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Children and adolescents admitted to a university-level trauma centre in Denmark 2002-2011


Danny Stefan Ekström1, Rasmus Hviid Larsen1, Jens Martin Lauritsen1 & Christian Færgemann1, 2

1) Accident Analysis Group, Department of Orthopaedics and Traumatology, Odense University Hospital

2) Section of Paediatric Orthopaedics, Department of Orthopaedics and Traumatology, Odense University Hospital, Denmark

Dan Med J 2017;64(4):A5356


INTRODUCTION: The epidemiology of children or adolescents admitted to a Scandinavian trauma centre is largely unknown. The aim of this paper was to describe the epidemiology and severity of potentially severely injured children and adolescents admitted to a university hospital

trauma centre.

METHODS: This was a descriptive study of all children and adolescents aged 0-17 admitted to the university level

trauma centre at Odense University Hospital, Denmark in the 2002-2011 period. Data were extracted from the Southern Danish Trauma Register and from medical records.

RESULTS: A total of 950 children and adolescents were included. The median age was 13 (range: 0-17) years. Boys

accounted for 60.6% of the cases. Accidents accounted for 97.2%, violence 1.4% and self-inflicted injuries 0.4%. More than three fourths of the injuries occurred either in traffic or at home. The occurrence was greatest in the summer (34.0%), during weekends (48.9%) and in the hours between 12.00 and 20.00 (59.2%). Overall, 58.5% of the injuries were due to traffic. Of these injuries, 39.7% were injuries suffered by passengers in motor vehicles, 27.5% drivers/passengers of a scooter/MC, 21.8% bicyclists and 10.3% pedestrians. The median Injury Severity Score (ISS) and Abbreviated Injury Scale was 4 (range: 1-75) and 2 (range: 1-6), respectively. Head/face injuries accounted for 36.5% and injuries to the extremities for 30.9% of all injuries. A total of 153 (16.1%) suffered from severe injuries (ISS > 15). Overall, 49 (5.2%) died due to their injuries.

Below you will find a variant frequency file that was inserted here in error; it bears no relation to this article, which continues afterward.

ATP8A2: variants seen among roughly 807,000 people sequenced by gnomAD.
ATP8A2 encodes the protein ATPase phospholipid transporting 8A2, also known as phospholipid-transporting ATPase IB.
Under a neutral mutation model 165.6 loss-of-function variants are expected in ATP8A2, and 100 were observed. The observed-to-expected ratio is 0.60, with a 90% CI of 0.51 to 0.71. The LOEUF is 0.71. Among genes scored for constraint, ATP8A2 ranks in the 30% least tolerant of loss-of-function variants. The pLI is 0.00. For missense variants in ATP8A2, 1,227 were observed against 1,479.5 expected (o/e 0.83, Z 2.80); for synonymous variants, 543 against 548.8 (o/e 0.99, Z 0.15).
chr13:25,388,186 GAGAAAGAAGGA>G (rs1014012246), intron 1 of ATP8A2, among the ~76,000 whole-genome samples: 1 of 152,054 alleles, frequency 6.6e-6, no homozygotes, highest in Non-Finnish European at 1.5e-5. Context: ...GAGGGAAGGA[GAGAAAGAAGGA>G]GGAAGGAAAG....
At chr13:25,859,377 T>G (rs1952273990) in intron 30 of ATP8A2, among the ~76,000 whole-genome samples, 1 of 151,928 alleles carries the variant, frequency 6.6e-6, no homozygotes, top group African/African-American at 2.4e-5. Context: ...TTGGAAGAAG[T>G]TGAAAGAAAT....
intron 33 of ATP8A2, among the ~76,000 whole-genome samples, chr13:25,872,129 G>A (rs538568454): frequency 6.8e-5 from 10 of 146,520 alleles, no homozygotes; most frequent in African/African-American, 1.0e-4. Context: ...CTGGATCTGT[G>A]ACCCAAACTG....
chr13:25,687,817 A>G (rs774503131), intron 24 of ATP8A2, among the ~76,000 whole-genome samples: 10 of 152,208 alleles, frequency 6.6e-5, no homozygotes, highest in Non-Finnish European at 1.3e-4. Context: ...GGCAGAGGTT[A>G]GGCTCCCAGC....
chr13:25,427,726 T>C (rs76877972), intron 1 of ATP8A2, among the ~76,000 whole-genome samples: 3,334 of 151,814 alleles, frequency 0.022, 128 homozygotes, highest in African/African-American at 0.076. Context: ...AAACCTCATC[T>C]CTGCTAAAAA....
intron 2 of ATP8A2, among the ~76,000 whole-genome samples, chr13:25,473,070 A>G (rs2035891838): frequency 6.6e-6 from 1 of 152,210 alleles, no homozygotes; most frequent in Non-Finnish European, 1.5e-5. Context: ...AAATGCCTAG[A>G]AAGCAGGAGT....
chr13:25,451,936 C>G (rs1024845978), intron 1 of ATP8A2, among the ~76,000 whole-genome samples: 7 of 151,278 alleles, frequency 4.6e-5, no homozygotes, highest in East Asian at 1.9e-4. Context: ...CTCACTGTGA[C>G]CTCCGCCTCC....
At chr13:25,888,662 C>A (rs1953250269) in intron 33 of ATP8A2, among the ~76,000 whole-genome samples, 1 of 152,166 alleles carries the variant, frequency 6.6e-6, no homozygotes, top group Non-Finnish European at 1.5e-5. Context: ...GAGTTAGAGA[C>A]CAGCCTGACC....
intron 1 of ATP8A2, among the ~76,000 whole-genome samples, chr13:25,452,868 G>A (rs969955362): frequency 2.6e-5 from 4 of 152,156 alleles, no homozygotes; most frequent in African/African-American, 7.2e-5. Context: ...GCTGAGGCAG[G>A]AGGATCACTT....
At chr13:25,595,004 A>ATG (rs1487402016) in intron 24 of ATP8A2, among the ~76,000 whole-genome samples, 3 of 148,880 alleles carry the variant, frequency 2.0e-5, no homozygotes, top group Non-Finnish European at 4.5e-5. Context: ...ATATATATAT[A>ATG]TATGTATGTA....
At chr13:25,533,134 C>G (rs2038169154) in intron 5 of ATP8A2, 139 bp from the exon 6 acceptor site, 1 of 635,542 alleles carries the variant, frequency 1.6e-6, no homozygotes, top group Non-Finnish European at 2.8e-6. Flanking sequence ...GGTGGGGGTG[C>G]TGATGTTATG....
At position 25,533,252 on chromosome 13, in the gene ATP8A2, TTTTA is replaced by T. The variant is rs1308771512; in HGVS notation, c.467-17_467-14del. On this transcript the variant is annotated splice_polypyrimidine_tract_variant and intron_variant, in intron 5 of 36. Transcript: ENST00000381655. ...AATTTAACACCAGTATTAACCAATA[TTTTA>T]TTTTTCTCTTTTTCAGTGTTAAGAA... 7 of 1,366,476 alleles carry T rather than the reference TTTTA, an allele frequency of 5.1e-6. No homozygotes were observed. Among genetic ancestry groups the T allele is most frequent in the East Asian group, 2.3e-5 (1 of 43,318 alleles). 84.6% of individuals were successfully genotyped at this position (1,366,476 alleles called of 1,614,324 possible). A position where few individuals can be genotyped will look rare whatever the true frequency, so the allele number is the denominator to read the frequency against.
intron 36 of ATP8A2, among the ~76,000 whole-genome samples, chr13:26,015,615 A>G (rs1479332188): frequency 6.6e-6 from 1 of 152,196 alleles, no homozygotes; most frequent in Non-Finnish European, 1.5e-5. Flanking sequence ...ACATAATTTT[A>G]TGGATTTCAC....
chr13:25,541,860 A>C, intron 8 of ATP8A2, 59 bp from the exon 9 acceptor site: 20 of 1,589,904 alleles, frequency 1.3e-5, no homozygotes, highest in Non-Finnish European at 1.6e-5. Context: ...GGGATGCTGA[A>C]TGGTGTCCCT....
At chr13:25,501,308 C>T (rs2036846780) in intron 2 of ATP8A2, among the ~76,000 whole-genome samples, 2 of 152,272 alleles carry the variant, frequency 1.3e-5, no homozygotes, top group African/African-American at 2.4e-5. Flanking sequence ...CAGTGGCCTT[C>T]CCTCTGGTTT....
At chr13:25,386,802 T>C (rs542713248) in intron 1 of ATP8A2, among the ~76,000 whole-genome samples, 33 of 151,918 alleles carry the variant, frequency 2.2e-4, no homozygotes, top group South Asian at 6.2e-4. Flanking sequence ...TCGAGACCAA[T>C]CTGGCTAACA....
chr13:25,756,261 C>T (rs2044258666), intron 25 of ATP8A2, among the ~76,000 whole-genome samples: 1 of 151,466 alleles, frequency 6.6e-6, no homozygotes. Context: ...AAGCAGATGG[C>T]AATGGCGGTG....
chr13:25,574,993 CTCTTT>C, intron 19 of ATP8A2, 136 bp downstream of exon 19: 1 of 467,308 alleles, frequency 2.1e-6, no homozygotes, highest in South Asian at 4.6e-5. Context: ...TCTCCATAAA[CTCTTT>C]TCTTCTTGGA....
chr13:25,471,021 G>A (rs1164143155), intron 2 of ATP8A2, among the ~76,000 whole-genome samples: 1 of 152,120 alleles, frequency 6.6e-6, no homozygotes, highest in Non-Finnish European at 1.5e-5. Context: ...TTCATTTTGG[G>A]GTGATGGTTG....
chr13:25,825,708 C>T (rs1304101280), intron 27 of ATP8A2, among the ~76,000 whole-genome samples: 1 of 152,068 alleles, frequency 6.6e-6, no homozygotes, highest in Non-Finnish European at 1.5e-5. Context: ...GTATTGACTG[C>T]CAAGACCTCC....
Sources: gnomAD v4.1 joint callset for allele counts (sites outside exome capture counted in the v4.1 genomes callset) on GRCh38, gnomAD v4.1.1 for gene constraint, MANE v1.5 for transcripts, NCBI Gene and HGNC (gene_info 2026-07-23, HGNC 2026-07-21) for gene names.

CONCLUSIONS: Based on a local trauma register, we described the epidemiology and severity of potentially severely injured children and adolescents admitted to a university trauma centre.

FUNDING: none.


Severe injury in young adolescents and children is relatively rare. However, from infancy to adulthood, injuries are the main reason of death in the industrial countries [1-3]. In 2002 and 2011, 68 and 62 deaths due to injuries in the age group 0-19 years were registered in Denmark, corresponding to 12% and 16% of all deaths in that the age group, respectively [4].

The epidemiology of children or adolescents admitted to a Scandinavian trauma centre is largely unknown. Only one Scandinavian study describing the epidemiology of severe injuries among children and adolescents has been published [5]. In this Swedish study from the Intensive Care Unit Database in Gothenburg, the majority of the injured patients were boys (68%), 40% of injuries were traffic-related and 34% were due to fall accidents [5]. Head injuries accounted for 30% of the injuries and the overall mortality was 3%.